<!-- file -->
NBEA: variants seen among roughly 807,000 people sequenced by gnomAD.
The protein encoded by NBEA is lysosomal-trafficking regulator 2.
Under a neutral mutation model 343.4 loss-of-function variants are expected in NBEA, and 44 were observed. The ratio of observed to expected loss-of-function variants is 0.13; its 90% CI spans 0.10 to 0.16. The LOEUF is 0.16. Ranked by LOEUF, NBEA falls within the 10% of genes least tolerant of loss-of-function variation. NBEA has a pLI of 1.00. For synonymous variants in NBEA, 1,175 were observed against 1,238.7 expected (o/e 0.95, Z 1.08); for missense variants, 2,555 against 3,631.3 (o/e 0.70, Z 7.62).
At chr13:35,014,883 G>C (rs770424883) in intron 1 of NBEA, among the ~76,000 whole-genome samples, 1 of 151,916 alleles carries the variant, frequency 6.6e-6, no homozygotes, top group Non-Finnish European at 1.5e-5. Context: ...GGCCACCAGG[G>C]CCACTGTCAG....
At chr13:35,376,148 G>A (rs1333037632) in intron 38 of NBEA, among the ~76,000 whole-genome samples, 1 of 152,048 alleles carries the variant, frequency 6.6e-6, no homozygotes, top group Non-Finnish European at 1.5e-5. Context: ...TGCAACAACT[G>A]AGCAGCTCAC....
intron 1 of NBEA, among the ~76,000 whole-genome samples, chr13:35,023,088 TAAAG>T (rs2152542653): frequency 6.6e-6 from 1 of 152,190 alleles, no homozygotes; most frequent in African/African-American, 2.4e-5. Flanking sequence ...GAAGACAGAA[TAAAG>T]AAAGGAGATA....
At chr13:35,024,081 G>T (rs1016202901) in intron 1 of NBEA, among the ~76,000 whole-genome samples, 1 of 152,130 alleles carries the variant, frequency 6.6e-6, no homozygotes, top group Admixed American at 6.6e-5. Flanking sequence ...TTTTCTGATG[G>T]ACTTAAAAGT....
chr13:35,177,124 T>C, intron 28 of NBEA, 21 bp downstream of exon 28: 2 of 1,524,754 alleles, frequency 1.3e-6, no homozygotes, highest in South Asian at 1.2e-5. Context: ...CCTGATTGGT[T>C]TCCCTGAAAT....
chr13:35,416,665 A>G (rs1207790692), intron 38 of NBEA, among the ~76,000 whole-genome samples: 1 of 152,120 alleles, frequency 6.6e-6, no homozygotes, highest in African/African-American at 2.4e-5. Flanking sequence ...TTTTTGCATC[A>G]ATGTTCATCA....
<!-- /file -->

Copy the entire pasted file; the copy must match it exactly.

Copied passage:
NBEA: variants seen among roughly 807,000 people sequenced by gnomAD.
The protein encoded by NBEA is lysosomal-trafficking regulator 2.
Under a neutral mutation model 343.4 loss-of-function variants are expected in NBEA, and 44 were observed. The ratio of observed to expected loss-of-function variants is 0.13; its 90% CI spans 0.10 to 0.16. The LOEUF is 0.16. Ranked by LOEUF, NBEA falls within the 10% of genes least tolerant of loss-of-function variation. NBEA has a pLI of 1.00. For synonymous variants in NBEA, 1,175 were observed against 1,238.7 expected (o/e 0.95, Z 1.08); for missense variants, 2,555 against 3,631.3 (o/e 0.70, Z 7.62).
At chr13:35,014,883 G>C (rs770424883) in intron 1 of NBEA, among the ~76,000 whole-genome samples, 1 of 151,916 alleles carries the variant, frequency 6.6e-6, no homozygotes, top group Non-Finnish European at 1.5e-5. Context: ...GGCCACCAGG[G>C]CCACTGTCAG....
At chr13:35,376,148 G>A (rs1333037632) in intron 38 of NBEA, among the ~76,000 whole-genome samples, 1 of 152,048 alleles carries the variant, frequency 6.6e-6, no homozygotes, top group Non-Finnish European at 1.5e-5. Context: ...TGCAACAACT[G>A]AGCAGCTCAC....
intron 1 of NBEA, among the ~76,000 whole-genome samples, chr13:35,023,088 TAAAG>T (rs2152542653): frequency 6.6e-6 from 1 of 152,190 alleles, no homozygotes; most frequent in African/African-American, 2.4e-5. Flanking sequence ...GAAGACAGAA[TAAAG>T]AAAGGAGATA....
At chr13:35,024,081 G>T (rs1016202901) in intron 1 of NBEA, among the ~76,000 whole-genome samples, 1 of 152,130 alleles carries the variant, frequency 6.6e-6, no homozygotes, top group Admixed American at 6.6e-5. Flanking sequence ...TTTTCTGATG[G>T]ACTTAAAAGT....
chr13:35,177,124 T>C, intron 28 of NBEA, 21 bp downstream of exon 28: 2 of 1,524,754 alleles, frequency 1.3e-6, no homozygotes, highest in South Asian at 1.2e-5. Context: ...CCTGATTGGT[T>C]TCCCTGAAAT....
chr13:35,416,665 A>G (rs1207790692), intron 38 of NBEA, among the ~76,000 whole-genome samples: 1 of 152,120 alleles, frequency 6.6e-6, no homozygotes, highest in African/African-American at 2.4e-5. Flanking sequence ...TTTTTGCATC[A>G]ATGTTCATCA....